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Hardware: Henry Big Boy Color Case Hardened Side Gate

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    Hardware: Henry Big Boy Color Case Hardened Side Gate

    Hardware: Henry Big Boy Color Case Hardened Side Gate


    by Josh Honeycutt - Monday, October 25, 2021



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    Many people dream of what it was like to traverse the West when the West was still wild. The wide-open spaces offered awe-inspiring landscapes beyond the descriptions of words, untouched by the scarring of urban sprawl and man-made structures. But these wild lands also presented treacherous perils. For those taming the Western frontier, the lever-action rifle was king.


    Taking its name from the inventor of the original lever-action Henry rifle, Benjamin Tyler Henry, the Henry Repeating Arms Company has been producing its own American-made lever-action rifles since 1996. Since then, many Henry models have been added to the family, including the Big Boy Color Case Hardened Side Gate. This is one of those guns that’s so pretty you don’t want to touch it, let alone shoot it. But at the same time, one glance at this American beauty elicits a strong need to shoulder it, look through its sights, work the action and loose lead.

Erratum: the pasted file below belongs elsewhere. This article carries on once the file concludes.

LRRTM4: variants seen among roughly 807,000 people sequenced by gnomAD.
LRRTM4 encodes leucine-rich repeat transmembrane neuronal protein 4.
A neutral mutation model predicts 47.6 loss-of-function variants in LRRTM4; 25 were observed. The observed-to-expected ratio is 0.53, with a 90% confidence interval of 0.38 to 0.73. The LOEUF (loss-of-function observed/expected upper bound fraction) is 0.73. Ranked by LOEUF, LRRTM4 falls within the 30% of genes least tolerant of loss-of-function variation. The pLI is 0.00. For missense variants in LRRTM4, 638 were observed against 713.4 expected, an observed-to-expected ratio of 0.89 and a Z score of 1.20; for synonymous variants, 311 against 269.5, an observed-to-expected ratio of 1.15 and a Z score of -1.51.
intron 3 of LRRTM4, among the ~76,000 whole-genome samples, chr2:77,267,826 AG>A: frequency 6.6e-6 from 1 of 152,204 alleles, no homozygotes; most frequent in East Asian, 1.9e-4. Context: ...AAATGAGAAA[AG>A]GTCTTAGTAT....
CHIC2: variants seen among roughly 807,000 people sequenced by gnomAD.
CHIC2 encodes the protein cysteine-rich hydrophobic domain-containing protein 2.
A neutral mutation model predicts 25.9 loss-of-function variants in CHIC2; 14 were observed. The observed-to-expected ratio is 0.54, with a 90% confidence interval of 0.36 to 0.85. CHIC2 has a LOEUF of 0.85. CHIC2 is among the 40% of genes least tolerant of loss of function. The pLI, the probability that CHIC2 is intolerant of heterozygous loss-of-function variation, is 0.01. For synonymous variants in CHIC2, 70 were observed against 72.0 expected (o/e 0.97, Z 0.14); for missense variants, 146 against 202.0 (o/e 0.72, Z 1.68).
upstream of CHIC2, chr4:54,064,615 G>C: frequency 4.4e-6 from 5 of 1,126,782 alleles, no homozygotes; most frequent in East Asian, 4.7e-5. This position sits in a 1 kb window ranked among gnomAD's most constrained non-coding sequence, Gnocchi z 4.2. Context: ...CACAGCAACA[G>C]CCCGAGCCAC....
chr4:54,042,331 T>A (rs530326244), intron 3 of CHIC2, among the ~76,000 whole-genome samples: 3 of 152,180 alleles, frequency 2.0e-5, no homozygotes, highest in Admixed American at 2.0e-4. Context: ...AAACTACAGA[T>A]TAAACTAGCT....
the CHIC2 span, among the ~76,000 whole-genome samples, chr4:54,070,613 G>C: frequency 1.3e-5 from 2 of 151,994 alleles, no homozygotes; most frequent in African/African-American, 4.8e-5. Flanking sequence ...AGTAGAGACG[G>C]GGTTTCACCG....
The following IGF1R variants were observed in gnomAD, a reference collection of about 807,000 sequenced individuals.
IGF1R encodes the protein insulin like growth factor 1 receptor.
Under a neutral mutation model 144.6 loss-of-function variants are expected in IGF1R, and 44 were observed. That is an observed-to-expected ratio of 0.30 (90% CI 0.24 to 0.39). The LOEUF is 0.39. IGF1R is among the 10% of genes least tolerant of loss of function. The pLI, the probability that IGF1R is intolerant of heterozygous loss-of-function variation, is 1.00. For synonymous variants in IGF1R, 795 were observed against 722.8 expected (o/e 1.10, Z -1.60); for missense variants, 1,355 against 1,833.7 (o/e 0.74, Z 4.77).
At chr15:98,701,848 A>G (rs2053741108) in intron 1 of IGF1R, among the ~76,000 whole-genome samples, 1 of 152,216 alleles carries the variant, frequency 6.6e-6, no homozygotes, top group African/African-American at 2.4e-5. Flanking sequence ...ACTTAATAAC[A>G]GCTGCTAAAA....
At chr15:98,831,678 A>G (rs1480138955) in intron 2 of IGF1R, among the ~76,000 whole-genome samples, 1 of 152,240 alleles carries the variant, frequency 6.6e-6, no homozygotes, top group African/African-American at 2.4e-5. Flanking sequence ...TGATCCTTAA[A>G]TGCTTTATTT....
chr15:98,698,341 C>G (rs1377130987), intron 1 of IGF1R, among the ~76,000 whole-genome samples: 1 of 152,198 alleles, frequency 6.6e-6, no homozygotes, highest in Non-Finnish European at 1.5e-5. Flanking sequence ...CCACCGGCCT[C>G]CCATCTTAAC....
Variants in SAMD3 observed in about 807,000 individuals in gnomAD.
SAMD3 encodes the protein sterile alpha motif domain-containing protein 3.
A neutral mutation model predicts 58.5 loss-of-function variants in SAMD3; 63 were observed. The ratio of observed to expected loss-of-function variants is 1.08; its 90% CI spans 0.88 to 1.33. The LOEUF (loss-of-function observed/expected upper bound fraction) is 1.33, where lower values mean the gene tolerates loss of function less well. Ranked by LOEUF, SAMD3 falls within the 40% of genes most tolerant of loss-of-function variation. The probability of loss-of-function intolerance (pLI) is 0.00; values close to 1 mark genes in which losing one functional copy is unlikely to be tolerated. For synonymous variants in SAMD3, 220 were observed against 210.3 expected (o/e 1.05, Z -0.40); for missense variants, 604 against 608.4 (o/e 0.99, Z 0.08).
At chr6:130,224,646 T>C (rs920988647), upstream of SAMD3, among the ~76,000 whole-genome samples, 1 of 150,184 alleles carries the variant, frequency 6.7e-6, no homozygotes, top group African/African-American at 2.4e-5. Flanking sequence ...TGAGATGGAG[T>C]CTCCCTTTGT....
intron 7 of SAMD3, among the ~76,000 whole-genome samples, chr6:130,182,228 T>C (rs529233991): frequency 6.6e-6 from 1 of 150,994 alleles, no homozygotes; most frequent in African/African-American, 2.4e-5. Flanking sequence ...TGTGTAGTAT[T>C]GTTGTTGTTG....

And so, I conclude it a true shame to let this capable firearm not fulfill its purpose. It needs to feel the fire in its belly. The West is no longer wild in the traditional sense, but America has plenty of adventure left to offer, especially to the American hunter. Thanks to Henry Repeating Arms, a Henry rifle can still go with us.

    Henry’s centerfire reputation was built on the handgun-calibered Big Boy. Today, six lever-action rifles—three standard length and three carbine length—are included in that family chambered in .44 Mag./.44 Spl., .357 Mag./.38 Spl. and .45 Colt. I chose the standard length Big Boy in classic .44 Mag./.44 Spl. for my testing.

    Drilling down, the standard-length Big Boy Color Case Hardened weighs 7.84 pounds, the shorter carbine length slightly less. While it’s not an ultra-light by today's modern centerfire standards, the Big Boy is on the lighter-weight end of most lever-action rifles and is easy enough to pack over steep terrain or great distances. Slung over the shoulder or placed in your saddle scabbard, the Henry Big Boy is capable just about anywhere.


    The gun has an overall length of 37.5 inches or 34.1 inches in carbine length, with a 20-inch or 16.5-inch barrel, respectively. Those who are more focused on short-range hunting and shooting inside 50 yards, or those who hunt and shoot in tight corridors, might prefer the 16.5-inch carbine option. Those who want to stretch it out a little (at least, as much as possible with a lever gun chambered in .44 Mag.) might go with the 20-inch barrel. Regardless, the heavy octagonal, blued-steel barrel provides an authentic look and feel.